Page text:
Getty Images, Jamie McCarthy/WireImage.com
Getty Images, Jamie McCarthy/WireImage.com
Woody Allen has now told his side of the story—and he vows that it's the last time he or anyone on his behalf will be speaking about it.
"Of course, I did not molest Dylan," the filmmaker writes in an op-ed for the New York Times in response to Dylan Farrow's column, posted a week ago, in which she resurfaced decades-old allegations that Allen, her adoptive father, sexually molested her when she was 7.
Authorities investigated and Allen was never charged, but Dylan's piece triggered a massive uproar, coming on the heels of Ronan Farrow's explosive tweet about his dad receiving the Golden Globes' lifetime achievement award: "Missed the Woody Allen tribute - did they put the part where a woman publicly confirmed he molested her at age 7 before or after Annie Hall?"
In his op-ed, Allen does not direct any animosity at Dylan for accusing him. Rather, he appears to fully blame ex-partner Mia Farrow. During their 12-year relationship they adopted Dylan and her brother Moses, and Ronan is their biological child (though his patrilineage has come into question recently.)
He writes that when Mia first accused him 21 years ago of child molestation during their "terribly acrimonious" breakup, he found the idea so "ludicrous" he didn't even get himself a lawyer.
"The self-serving transparency of her malevolence seemed so obvious I didn't even hire a lawyer to defend myself," Allen writes. "It was my show business attorney who told me she was bringing the accusation to the police and I would need a criminal lawyer."
He continued: "I naïvely thought the accusation would be dismissed out of hand because of course, I hadn't molested Dylan and any rational person would see the ploy for what it was. Common sense would prevail. After all, I was a 56-year-old man who had never before (or after) been accused of child molestation."
Dylan's brother Moses came to Allen's defense this week, telling People that it was their mother who poisoned them against their dad because she was angry that Allen was pursuing a relationship with Soon-Yi Previn, one of Mia's adopted children with ex-husband André Previn. Soon-Yi was reportedly around 19 at the time.
Dylan then responded, also telling People that Moses' defense of their father was akin to "the lowest form of evil."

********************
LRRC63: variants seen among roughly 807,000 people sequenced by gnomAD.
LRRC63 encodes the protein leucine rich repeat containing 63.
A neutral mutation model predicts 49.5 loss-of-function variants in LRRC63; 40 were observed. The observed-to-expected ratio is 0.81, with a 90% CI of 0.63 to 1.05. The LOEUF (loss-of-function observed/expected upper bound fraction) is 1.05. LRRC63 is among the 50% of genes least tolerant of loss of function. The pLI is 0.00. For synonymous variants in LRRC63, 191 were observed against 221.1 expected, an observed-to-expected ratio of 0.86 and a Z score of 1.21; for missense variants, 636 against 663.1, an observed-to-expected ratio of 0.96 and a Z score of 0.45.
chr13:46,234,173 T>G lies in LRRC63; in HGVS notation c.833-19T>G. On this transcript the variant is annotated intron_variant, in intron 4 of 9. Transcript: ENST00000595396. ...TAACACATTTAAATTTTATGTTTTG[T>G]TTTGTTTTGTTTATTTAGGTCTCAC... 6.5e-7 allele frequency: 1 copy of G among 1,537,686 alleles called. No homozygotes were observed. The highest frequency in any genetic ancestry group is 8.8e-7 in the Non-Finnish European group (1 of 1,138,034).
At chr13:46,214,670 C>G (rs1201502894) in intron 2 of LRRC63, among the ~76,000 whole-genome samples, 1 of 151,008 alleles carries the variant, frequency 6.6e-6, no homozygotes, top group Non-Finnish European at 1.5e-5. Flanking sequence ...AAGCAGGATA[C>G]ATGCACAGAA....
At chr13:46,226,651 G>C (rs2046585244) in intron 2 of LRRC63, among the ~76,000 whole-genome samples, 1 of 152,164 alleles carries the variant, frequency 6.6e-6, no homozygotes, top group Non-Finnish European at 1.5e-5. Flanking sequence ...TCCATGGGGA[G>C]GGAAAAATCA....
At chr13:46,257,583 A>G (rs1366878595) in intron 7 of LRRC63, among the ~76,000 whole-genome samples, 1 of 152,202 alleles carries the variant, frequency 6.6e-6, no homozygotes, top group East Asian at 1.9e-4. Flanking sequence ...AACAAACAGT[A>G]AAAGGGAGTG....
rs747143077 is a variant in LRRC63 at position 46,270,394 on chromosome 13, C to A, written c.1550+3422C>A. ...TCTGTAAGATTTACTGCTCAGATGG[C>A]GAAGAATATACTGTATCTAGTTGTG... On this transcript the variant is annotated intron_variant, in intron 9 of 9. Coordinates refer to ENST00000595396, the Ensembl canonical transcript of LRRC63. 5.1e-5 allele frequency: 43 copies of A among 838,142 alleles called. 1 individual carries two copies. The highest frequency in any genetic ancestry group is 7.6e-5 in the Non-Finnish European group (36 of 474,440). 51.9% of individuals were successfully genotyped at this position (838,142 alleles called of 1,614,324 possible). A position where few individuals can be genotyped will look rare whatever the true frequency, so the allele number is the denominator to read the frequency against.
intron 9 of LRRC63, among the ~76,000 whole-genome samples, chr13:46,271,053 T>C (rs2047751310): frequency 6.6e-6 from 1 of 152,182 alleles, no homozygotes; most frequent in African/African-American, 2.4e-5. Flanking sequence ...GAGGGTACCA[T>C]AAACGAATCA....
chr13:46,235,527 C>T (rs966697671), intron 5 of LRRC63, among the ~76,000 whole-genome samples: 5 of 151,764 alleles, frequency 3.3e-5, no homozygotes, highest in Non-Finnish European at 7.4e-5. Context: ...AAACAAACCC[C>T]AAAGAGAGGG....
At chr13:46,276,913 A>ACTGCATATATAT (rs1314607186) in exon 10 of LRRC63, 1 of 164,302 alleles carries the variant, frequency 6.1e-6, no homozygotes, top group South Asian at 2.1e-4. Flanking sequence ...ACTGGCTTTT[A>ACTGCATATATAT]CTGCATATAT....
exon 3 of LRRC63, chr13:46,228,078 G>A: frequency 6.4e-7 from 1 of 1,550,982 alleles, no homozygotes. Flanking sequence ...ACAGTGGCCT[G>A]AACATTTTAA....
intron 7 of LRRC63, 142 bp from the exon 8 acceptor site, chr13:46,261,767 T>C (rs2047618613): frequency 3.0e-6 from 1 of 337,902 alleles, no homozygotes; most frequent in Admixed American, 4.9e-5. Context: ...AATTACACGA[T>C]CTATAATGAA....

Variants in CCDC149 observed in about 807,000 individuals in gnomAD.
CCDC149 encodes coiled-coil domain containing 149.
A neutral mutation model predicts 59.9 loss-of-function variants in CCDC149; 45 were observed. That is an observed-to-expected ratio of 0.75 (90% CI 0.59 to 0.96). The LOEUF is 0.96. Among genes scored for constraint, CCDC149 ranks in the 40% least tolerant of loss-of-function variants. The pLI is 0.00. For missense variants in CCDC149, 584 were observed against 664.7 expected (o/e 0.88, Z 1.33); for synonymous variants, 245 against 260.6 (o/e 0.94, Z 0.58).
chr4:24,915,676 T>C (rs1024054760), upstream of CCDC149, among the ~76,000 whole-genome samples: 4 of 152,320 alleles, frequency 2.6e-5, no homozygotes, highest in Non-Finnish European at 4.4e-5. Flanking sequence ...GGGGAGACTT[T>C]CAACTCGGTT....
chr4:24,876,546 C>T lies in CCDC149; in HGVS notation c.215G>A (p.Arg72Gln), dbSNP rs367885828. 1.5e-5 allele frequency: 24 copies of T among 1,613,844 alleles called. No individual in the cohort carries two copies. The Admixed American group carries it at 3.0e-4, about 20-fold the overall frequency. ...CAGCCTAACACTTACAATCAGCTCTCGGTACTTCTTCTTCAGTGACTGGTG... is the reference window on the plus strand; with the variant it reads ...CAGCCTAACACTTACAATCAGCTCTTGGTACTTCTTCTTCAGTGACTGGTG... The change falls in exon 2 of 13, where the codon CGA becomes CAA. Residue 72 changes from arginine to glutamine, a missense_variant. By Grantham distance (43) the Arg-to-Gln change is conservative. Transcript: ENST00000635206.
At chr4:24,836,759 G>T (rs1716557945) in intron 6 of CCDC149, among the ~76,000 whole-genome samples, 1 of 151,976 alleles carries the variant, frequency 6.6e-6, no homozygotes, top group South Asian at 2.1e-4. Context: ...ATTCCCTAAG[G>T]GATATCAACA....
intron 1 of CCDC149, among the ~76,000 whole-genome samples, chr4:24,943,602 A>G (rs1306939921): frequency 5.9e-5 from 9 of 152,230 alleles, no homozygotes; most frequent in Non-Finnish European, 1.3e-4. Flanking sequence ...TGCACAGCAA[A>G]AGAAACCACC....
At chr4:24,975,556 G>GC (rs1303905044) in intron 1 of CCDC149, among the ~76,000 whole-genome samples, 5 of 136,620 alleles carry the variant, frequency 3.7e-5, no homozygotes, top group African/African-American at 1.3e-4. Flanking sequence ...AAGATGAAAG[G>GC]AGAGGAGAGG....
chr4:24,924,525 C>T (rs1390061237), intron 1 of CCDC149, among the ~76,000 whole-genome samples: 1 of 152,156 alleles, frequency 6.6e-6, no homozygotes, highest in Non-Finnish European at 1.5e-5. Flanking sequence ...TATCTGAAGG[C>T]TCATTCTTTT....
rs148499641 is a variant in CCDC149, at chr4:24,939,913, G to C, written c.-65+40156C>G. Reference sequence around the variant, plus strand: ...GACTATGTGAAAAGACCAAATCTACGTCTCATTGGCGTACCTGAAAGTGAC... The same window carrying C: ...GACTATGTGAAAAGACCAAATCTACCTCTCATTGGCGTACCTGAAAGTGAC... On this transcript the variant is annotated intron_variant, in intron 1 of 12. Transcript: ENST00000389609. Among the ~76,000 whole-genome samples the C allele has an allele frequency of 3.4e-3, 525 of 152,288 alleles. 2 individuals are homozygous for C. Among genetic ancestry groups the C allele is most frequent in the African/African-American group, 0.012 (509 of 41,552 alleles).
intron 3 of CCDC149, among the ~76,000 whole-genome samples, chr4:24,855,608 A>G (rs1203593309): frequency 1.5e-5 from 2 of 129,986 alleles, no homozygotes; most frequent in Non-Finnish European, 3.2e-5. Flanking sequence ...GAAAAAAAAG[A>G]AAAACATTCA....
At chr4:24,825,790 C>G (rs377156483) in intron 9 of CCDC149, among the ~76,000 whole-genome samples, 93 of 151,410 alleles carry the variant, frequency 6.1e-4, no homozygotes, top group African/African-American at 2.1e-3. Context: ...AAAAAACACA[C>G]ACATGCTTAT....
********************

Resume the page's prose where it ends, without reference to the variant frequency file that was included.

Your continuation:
In the Times, Allen frames Mia's accusation like this: "...when I was in the blissful early stages of a happy new relationship with the woman I'd go on to marry—that I would pick this moment in time to embark on a career as a child molester should seem to the most skeptical mind highly unlikely. The sheer illogic of such a crazy scenario seemed to me dispositive."
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Allen goes on to note that another ex-girlfriend of his, Stacey Nelkin, told the press this past week that Mia had approached her 21 years ago, asking her to testify that she had been underage when Allen and she started dating, and Nelkin refused.
"I include this anecdote so we all know what kind of character we are dealing with here," Allen writes. "One can imagine in learning this why [Mia] wouldn't take a lie-detector test."
The Oscar-winning director and screenwriter also quotes the Child Sexual Abuse Clinic of the Yale-New Haven Hospital's conclusion regarding his case at the time, that while they couldn't say for certain whether Dylan was lying or had been coached, "'Dylan was not sexually abused.'"
He writes that Justice Elliott Wilk, who awarded Mia sole custody of Dylan, Moses and Ronan afterward, "never approved" of Allen's relationship with Soon-Yi, calling the judge's feelings "the same dismay" that the public felt about their infamous May-December relationship.
Allen states that he and Soon-Yi made multiple attempts to contact Dylan, but claims that Mia blocked them all.
"Not that I doubt Dylan hasn't come to believe she's been molested, but if from the age of 7 a vulnerable child is taught by a strong mother to hate her father because he is a monster who abused her, is it so inconceivable that after many years of this indoctrination the image of me Mia wanted to establish had taken root?" he questions.
Allen calls the location Dylan pinpoints where first instance of molestation allegedly occurred—the attic of Mia's country house—"poorly chosen but interesting" because he is a "major claustrophobe."
He adds: "There is even a lame attempt to do professional damage by trying to involve movie stars, which smells a lot more like Mia than Dylan."
AP Photo/Frankie Ziths
"Of course, I did not molest Dylan," Allen reiterates in his conclusion.
"I loved her and hope one day she will grasp how she has been cheated out of having a loving father and exploited by a mother more interested in her own festering anger than her daughter's well-being. Being taught to hate your father and made to believe he molested you has already taken a psychological toll on this lovely young woman, and Soon-Yi and I are both hoping that one day she will understand who has really made her a victim and reconnect with us, as Moses has, in a loving, productive way. No one wants to discourage abuse victims from speaking out, but one must bear in mind that sometimes there are people who are falsely accused and that is also a terribly destructive thing. (This piece will be my final word on this entire matter and no one will be responding on my behalf to any further comments on it by any party. Enough people have been hurt.)"